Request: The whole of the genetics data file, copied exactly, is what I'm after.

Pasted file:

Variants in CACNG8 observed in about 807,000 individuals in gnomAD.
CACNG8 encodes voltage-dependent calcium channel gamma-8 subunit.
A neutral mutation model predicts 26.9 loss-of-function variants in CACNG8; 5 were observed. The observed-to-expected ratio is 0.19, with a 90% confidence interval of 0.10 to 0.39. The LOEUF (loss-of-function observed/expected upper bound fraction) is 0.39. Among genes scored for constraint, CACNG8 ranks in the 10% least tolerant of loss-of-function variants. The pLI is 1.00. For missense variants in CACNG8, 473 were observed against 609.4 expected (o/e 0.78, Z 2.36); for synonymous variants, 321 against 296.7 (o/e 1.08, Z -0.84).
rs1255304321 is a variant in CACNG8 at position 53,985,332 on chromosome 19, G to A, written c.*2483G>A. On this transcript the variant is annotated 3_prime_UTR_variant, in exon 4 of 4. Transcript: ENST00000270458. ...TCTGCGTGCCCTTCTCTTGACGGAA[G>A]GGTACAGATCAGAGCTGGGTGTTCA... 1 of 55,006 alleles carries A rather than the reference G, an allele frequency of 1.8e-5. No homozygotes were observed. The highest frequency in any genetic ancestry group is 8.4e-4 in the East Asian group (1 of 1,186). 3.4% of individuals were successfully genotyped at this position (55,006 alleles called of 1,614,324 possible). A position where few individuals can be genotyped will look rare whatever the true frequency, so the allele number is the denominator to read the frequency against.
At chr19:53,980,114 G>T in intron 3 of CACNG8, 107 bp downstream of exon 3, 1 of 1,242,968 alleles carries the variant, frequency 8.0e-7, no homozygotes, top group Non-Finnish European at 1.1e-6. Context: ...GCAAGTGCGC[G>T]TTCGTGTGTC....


Variants in CACNG8 observed in about 807,000 individuals in gnomAD.
CACNG8 encodes voltage-dependent calcium channel gamma-8 subunit.
A neutral mutation model predicts 26.9 loss-of-function variants in CACNG8; 5 were observed. The observed-to-expected ratio is 0.19, with a 90% confidence interval of 0.10 to 0.39. The LOEUF (loss-of-function observed/expected upper bound fraction) is 0.39. Among genes scored for constraint, CACNG8 ranks in the 10% least tolerant of loss-of-function variants. The pLI is 1.00. For missense variants in CACNG8, 473 were observed against 609.4 expected (o/e 0.78, Z 2.36); for synonymous variants, 321 against 296.7 (o/e 1.08, Z -0.84).
rs1255304321 is a variant in CACNG8 at position 53,985,332 on chromosome 19, G to A, written c.*2483G>A. On this transcript the variant is annotated 3_prime_UTR_variant, in exon 4 of 4. Transcript: ENST00000270458. ...TCTGCGTGCCCTTCTCTTGACGGAA[G>A]GGTACAGATCAGAGCTGGGTGTTCA... 1 of 55,006 alleles carries A rather than the reference G, an allele frequency of 1.8e-5. No homozygotes were observed. The highest frequency in any genetic ancestry group is 8.4e-4 in the East Asian group (1 of 1,186). 3.4% of individuals were successfully genotyped at this position (55,006 alleles called of 1,614,324 possible). A position where few individuals can be genotyped will look rare whatever the true frequency, so the allele number is the denominator to read the frequency against.
At chr19:53,980,114 G>T in intron 3 of CACNG8, 107 bp downstream of exon 3, 1 of 1,242,968 alleles carries the variant, frequency 8.0e-7, no homozygotes, top group Non-Finnish European at 1.1e-6. Context: ...GCAAGTGCGC[G>T]TTCGTGTGTC....